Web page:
A spectre calls: The Woman In Black (1989) finally makes it to Blu-ray
Yep, the 1989 TV adaptation of The Woman In Black has hit Blu-ray. And I’m jolly glad to have it, as the film has been unavailable, in any format, for far too long. I can now retire the, ahem, ‘unofficial’ DVD-R I nabbed from eBay about 20 years ago (amazingly, it still plays).
Based on the 1983 novel by Susan Hill, and directed by Herbert Wise from a Nigel Kneale screenplay, The Woman In Black is a slow-burning British ghost story with a building sense of dread.
It’s not ideal to watch such a film on a clammy August night, but I got straight down to it and enjoyed the experience very much. Alone with the lights off and the patio door ajar, I was suitably chilled - in both senses, thanks to some midnight breeze wafting across my knees.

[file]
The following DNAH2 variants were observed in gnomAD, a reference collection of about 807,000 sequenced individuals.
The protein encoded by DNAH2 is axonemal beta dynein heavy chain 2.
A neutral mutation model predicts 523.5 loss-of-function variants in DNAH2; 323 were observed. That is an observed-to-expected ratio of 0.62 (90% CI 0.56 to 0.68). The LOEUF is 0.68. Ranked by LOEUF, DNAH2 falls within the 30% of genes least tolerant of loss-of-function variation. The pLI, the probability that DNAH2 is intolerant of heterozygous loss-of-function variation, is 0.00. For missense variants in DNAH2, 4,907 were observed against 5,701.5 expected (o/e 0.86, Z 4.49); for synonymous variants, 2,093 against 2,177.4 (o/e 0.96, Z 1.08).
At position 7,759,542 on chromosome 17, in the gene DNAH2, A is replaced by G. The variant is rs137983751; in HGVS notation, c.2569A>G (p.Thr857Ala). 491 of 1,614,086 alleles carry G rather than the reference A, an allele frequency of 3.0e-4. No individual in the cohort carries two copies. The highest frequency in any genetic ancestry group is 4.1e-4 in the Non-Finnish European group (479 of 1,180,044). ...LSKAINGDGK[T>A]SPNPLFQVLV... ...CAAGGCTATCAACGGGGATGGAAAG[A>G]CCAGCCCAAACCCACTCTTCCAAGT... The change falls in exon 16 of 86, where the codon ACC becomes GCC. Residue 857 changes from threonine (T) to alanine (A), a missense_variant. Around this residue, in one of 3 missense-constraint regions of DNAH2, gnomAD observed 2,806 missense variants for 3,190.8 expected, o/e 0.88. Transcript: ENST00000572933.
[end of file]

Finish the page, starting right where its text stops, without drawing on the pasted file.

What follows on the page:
No one ever talks about this film without mentioning “that moment” - often using that exact term, to avoid spoiling it - and I’m not breaking with tradition here.
I’ve watched the scene numerous times over the years - both in and out of context - so the surprise is long gone. But it’s such a well-crafted shot/edit that it still sent a drawn-out tingle through my limbs. The sustain is incredible. It somehow manages to be a shock that builds, and it doesn’t even care if you know that it’s coming.
Filmic fright done right.
This isn’t a perfect presentation - I noticed a few pulsing backgrounds and other encoding artefacts - but it’s still lovely to own in HD at long last. And it’s a decent package, with an Andrew Pixley-penned booklet, plus a commentary track by fans/writers Kim Newman, Mark Gatiss and Andy Nyman (who also has a small part in the film).
The disc is released on Monday (Network shipped early), and it comes with a rather tight book-effect slipcase, while stocks last.